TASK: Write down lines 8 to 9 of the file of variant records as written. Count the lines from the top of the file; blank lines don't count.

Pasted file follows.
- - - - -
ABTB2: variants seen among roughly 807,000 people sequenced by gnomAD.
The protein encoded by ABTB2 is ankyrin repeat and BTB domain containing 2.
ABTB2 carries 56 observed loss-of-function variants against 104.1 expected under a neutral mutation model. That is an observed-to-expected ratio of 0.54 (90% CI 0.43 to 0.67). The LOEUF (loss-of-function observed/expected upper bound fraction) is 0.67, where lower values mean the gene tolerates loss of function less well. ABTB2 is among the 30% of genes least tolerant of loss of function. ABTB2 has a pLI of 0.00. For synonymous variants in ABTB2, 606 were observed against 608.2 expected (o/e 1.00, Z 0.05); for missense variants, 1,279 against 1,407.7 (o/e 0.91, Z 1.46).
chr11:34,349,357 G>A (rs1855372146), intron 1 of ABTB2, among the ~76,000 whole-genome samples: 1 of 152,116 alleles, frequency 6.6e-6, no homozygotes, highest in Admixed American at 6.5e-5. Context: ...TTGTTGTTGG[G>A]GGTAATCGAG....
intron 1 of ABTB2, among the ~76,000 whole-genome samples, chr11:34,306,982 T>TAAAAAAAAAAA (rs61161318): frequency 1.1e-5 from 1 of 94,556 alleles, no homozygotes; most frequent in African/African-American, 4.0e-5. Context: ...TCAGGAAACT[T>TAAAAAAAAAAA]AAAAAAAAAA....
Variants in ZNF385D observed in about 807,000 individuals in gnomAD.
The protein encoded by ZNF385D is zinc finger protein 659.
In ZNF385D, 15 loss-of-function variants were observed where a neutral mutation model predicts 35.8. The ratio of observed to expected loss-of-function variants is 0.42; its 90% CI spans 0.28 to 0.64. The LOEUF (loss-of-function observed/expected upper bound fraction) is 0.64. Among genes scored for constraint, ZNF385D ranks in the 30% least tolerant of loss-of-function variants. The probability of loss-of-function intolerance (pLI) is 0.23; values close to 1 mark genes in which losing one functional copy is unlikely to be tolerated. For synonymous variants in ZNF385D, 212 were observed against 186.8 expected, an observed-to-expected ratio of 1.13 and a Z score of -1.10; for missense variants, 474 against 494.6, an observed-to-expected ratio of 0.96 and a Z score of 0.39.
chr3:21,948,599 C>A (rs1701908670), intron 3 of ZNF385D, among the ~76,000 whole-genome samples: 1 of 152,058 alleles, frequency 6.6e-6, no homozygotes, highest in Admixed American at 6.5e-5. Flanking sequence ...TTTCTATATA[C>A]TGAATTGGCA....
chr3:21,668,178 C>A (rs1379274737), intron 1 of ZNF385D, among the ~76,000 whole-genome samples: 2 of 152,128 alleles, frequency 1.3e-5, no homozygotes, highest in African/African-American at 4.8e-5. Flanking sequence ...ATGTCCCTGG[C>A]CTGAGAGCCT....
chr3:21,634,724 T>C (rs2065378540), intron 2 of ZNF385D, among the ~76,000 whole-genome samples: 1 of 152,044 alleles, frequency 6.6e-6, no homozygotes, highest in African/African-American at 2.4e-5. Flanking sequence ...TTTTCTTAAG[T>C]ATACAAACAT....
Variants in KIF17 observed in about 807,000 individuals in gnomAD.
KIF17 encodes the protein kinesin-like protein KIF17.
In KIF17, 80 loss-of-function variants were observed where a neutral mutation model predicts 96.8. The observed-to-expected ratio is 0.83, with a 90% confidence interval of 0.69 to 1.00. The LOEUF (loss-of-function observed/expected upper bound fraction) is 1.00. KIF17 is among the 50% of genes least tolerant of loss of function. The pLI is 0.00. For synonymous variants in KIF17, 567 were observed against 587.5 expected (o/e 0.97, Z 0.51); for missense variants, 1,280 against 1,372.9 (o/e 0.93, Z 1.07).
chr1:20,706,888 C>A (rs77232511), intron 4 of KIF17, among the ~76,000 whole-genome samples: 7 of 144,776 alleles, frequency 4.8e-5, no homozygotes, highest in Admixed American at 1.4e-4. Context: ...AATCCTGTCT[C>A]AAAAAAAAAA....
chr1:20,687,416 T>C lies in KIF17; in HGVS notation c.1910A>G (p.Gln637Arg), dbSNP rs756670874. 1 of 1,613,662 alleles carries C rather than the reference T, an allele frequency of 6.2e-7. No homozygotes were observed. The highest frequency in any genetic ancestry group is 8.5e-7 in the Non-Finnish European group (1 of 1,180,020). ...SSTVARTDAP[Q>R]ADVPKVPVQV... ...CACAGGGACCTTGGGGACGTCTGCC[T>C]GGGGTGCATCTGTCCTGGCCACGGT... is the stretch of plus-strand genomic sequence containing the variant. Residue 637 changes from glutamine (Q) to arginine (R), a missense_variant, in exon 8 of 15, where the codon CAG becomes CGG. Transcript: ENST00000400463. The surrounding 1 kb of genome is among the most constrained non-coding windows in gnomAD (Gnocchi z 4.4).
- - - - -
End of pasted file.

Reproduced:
In ZNF385D, 15 loss-of-function variants were observed where a neutral mutation model predicts 35.8. The ratio of observed to expected loss-of-function variants is 0.42; its 90% CI spans 0.28 to 0.64. The LOEUF (loss-of-function observed/expected upper bound fraction) is 0.64. Among genes scored for constraint, ZNF385D ranks in the 30% least tolerant of loss-of-function variants. The probability of loss-of-function intolerance (pLI) is 0.23; values close to 1 mark genes in which losing one functional copy is unlikely to be tolerated. For synonymous variants in ZNF385D, 212 were observed against 186.8 expected, an observed-to-expected ratio of 1.13 and a Z score of -1.10; for missense variants, 474 against 494.6, an observed-to-expected ratio of 0.96 and a Z score of 0.39.
chr3:21,948,599 C>A (rs1701908670), intron 3 of ZNF385D, among the ~76,000 whole-genome samples: 1 of 152,058 alleles, frequency 6.6e-6, no homozygotes, highest in Admixed American at 6.5e-5. Flanking sequence ...TTTCTATATA[C>A]TGAATTGGCA....